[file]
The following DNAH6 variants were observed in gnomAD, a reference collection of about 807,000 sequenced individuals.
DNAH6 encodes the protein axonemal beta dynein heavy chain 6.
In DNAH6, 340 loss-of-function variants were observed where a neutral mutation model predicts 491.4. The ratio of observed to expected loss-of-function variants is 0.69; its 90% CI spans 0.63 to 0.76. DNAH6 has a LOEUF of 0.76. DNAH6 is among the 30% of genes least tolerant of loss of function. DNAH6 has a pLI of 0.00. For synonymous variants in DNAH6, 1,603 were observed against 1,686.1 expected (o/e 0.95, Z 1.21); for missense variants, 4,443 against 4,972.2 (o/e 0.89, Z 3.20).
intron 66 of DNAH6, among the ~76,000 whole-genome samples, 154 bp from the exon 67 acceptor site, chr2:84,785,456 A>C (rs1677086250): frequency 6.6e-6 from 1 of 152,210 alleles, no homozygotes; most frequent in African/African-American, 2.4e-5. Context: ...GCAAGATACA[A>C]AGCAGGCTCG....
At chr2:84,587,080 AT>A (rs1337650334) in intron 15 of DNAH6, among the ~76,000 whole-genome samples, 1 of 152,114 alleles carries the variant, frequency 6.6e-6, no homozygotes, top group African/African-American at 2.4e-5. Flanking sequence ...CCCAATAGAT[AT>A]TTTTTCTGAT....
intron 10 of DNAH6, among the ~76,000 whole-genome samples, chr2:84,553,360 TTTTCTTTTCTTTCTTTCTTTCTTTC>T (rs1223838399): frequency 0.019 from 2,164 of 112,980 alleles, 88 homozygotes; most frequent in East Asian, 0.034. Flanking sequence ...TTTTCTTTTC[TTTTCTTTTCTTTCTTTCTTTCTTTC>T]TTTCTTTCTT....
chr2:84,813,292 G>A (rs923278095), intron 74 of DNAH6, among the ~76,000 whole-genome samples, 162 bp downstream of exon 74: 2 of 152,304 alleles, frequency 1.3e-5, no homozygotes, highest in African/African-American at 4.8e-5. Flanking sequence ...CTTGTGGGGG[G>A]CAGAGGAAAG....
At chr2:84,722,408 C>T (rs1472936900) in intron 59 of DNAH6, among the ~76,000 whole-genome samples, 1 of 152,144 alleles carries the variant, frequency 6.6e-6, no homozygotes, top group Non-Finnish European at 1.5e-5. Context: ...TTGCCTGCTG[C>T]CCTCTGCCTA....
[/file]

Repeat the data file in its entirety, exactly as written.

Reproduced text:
The following DNAH6 variants were observed in gnomAD, a reference collection of about 807,000 sequenced individuals.
DNAH6 encodes the protein axonemal beta dynein heavy chain 6.
In DNAH6, 340 loss-of-function variants were observed where a neutral mutation model predicts 491.4. The ratio of observed to expected loss-of-function variants is 0.69; its 90% CI spans 0.63 to 0.76. DNAH6 has a LOEUF of 0.76. DNAH6 is among the 30% of genes least tolerant of loss of function. DNAH6 has a pLI of 0.00. For synonymous variants in DNAH6, 1,603 were observed against 1,686.1 expected (o/e 0.95, Z 1.21); for missense variants, 4,443 against 4,972.2 (o/e 0.89, Z 3.20).
intron 66 of DNAH6, among the ~76,000 whole-genome samples, 154 bp from the exon 67 acceptor site, chr2:84,785,456 A>C (rs1677086250): frequency 6.6e-6 from 1 of 152,210 alleles, no homozygotes; most frequent in African/African-American, 2.4e-5. Context: ...GCAAGATACA[A>C]AGCAGGCTCG....
At chr2:84,587,080 AT>A (rs1337650334) in intron 15 of DNAH6, among the ~76,000 whole-genome samples, 1 of 152,114 alleles carries the variant, frequency 6.6e-6, no homozygotes, top group African/African-American at 2.4e-5. Flanking sequence ...CCCAATAGAT[AT>A]TTTTTCTGAT....
intron 10 of DNAH6, among the ~76,000 whole-genome samples, chr2:84,553,360 TTTTCTTTTCTTTCTTTCTTTCTTTC>T (rs1223838399): frequency 0.019 from 2,164 of 112,980 alleles, 88 homozygotes; most frequent in East Asian, 0.034. Flanking sequence ...TTTTCTTTTC[TTTTCTTTTCTTTCTTTCTTTCTTTC>T]TTTCTTTCTT....
chr2:84,813,292 G>A (rs923278095), intron 74 of DNAH6, among the ~76,000 whole-genome samples, 162 bp downstream of exon 74: 2 of 152,304 alleles, frequency 1.3e-5, no homozygotes, highest in African/African-American at 4.8e-5. Flanking sequence ...CTTGTGGGGG[G>A]CAGAGGAAAG....
At chr2:84,722,408 C>T (rs1472936900) in intron 59 of DNAH6, among the ~76,000 whole-genome samples, 1 of 152,144 alleles carries the variant, frequency 6.6e-6, no homozygotes, top group Non-Finnish European at 1.5e-5. Context: ...TTGCCTGCTG[C>T]CCTCTGCCTA....